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1.  Determinants of airflow obstruction in severe alpha‐1‐antitrypsin deficiency 
Thorax  2007;62(9):806-813.
Background
Severe α1‐antitrypsin (AAT) deficiency is an autosomal recessive genetic condition associated with an increased but variable risk for chronic obstructive pulmonary disease (COPD). A study was undertaken to assess the impact of chronic bronchitis, pneumonia, asthma and sex on the development of COPD in individuals with severe AAT deficiency.
Methods
The AAT Genetic Modifier Study is a multicentre family‐based cohort study designed to study the genetic and epidemiological determinants of COPD in AAT deficiency. 378 individuals (age range 33–80 years), confirmed to be homozygous for the SERPINA1 Z mutation, were included in the analyses. The primary outcomes of interest were a quantitative outcome, forced expiratory volume in 1 s (FEV1) percentage predicted, and a qualitative outcome, severe airflow obstruction (FEV1 <50% predicted).
Results
In multivariate analysis of the overall cohort, cigarette smoking, sex, asthma, chronic bronchitis and pneumonia were risk factors for reduced FEV1 percentage predicted and severe airflow obstruction (p<0.01). Index cases had lower FEV1 values, higher smoking histories and more reports of adult asthma, pneumonia and asthma before age 16 than non‐index cases (p<0.01). Men had lower pre‐ and post‐bronchodilator FEV1 percentage predicted than women (p<0.0001); the lowest FEV1 values were observed in men reporting a history of childhood asthma (26.9%). This trend for more severe obstruction in men remained when index and non‐index groups were examined separately, with men representing the majority of non‐index individuals with airflow obstruction (71%). Chronic bronchitis (OR 3.8, CI 1.8 to 12.0) and a physician's report of asthma (OR 4.2, CI 1.4 to 13.1) were predictors of severe airflow obstruction in multivariate analysis of non‐index men but not women.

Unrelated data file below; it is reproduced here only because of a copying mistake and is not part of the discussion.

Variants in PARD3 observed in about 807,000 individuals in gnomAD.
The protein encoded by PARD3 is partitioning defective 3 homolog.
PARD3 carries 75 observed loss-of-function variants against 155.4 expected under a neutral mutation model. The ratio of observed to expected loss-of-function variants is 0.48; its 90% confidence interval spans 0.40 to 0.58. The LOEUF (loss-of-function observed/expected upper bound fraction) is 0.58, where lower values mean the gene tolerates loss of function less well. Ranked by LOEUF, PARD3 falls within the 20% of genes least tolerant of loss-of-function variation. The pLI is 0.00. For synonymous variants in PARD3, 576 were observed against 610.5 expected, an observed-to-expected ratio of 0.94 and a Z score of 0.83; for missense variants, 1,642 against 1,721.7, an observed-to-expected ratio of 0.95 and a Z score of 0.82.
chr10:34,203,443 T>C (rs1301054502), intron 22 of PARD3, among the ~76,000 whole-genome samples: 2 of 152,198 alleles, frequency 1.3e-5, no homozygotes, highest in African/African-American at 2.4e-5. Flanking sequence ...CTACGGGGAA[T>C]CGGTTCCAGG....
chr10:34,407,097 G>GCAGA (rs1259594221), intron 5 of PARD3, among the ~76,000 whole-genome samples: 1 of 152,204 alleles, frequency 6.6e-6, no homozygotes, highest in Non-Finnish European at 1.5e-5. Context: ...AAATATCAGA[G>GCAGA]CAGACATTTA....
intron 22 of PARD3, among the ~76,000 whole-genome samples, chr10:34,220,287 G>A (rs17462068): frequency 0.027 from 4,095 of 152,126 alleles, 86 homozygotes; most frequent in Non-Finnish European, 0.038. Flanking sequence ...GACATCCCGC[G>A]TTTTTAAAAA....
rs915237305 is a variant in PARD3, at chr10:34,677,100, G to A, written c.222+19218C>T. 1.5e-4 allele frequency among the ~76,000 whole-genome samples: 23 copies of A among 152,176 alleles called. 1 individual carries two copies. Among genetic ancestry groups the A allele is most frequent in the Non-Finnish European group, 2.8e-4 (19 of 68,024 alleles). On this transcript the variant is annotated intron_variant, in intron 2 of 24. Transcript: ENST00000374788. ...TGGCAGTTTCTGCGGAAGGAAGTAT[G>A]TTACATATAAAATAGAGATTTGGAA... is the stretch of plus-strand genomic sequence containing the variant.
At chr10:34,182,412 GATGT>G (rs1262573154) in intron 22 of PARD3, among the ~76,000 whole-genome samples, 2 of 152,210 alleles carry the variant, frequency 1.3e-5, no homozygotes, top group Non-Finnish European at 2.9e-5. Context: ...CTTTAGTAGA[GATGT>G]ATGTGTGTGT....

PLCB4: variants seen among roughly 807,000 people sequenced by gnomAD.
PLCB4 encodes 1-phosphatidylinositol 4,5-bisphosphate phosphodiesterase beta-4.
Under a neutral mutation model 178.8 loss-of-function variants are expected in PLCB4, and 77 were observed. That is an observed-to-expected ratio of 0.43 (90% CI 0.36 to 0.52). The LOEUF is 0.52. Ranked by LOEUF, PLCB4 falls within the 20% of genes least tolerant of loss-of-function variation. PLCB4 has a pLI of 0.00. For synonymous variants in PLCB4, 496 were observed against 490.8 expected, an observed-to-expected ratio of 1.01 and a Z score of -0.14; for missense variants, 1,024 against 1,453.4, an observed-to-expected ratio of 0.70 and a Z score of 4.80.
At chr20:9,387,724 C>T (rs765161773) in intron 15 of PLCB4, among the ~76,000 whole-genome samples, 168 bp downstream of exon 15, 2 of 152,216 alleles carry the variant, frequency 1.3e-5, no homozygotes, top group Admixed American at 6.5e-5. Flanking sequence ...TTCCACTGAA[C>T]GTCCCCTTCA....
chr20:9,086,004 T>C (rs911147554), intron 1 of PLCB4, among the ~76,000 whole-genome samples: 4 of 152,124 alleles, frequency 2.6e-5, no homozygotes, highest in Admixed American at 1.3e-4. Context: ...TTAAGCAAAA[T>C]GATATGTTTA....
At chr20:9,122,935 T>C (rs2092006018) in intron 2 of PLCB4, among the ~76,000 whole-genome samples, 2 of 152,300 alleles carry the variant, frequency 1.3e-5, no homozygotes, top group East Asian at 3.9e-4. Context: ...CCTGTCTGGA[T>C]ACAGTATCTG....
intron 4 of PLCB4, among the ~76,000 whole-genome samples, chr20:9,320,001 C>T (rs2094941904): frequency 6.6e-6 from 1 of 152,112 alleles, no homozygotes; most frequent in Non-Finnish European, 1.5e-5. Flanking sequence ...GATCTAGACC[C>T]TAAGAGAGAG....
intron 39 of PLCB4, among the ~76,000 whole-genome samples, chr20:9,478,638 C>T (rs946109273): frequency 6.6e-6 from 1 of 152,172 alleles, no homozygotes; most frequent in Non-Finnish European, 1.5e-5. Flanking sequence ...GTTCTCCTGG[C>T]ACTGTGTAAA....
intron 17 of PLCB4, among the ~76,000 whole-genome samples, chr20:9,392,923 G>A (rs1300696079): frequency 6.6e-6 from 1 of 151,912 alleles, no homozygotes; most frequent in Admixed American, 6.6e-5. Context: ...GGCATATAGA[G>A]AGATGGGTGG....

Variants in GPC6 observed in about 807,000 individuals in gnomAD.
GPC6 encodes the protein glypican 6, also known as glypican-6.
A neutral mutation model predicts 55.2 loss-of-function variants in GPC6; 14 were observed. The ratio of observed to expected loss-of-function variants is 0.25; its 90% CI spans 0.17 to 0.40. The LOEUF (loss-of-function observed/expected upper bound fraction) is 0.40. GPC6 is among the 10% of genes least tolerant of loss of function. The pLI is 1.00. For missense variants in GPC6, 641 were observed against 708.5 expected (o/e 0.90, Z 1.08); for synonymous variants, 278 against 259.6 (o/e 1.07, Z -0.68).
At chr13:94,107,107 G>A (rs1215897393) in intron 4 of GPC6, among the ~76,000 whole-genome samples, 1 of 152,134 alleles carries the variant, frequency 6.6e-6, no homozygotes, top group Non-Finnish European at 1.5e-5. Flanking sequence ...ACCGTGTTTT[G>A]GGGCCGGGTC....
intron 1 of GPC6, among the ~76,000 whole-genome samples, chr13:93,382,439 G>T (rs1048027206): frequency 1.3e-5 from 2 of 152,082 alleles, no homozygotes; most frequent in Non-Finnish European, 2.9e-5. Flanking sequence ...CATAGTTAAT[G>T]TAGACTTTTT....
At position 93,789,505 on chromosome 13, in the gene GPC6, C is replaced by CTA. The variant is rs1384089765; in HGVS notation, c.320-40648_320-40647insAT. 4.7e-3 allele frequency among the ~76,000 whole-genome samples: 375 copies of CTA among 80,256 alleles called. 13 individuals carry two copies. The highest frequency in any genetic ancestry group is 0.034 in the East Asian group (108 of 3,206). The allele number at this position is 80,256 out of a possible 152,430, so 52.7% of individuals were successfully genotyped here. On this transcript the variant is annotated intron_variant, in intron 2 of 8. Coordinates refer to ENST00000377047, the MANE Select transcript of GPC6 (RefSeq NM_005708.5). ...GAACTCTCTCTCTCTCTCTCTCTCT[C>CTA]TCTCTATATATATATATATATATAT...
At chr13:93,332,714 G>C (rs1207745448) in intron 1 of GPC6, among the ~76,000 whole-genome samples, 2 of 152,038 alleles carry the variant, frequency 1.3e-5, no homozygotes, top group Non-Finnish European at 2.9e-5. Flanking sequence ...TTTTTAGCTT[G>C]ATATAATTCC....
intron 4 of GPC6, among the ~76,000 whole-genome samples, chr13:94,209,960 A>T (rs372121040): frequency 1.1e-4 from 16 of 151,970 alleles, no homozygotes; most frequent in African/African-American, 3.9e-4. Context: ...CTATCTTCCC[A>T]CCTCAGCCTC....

Conclusion
In individuals with severe AAT deficiency, sex, asthma, chronic bronchitis and pneumonia are risk factors for severe COPD, in addition to cigarette smoking. These results suggest that, in subjects severely deficient in AAT, men, individuals with symptoms of chronic bronchitis and/or a past diagnosis of asthma or pneumonia may benefit from closer monitoring and potentially earlier treatment.
doi:10.1136/thx.2006.075846
PMCID: PMC2117297  PMID: 17389752
2.  IL10 Polymorphisms Are Associated with Airflow Obstruction in Severe α1-Antitrypsin Deficiency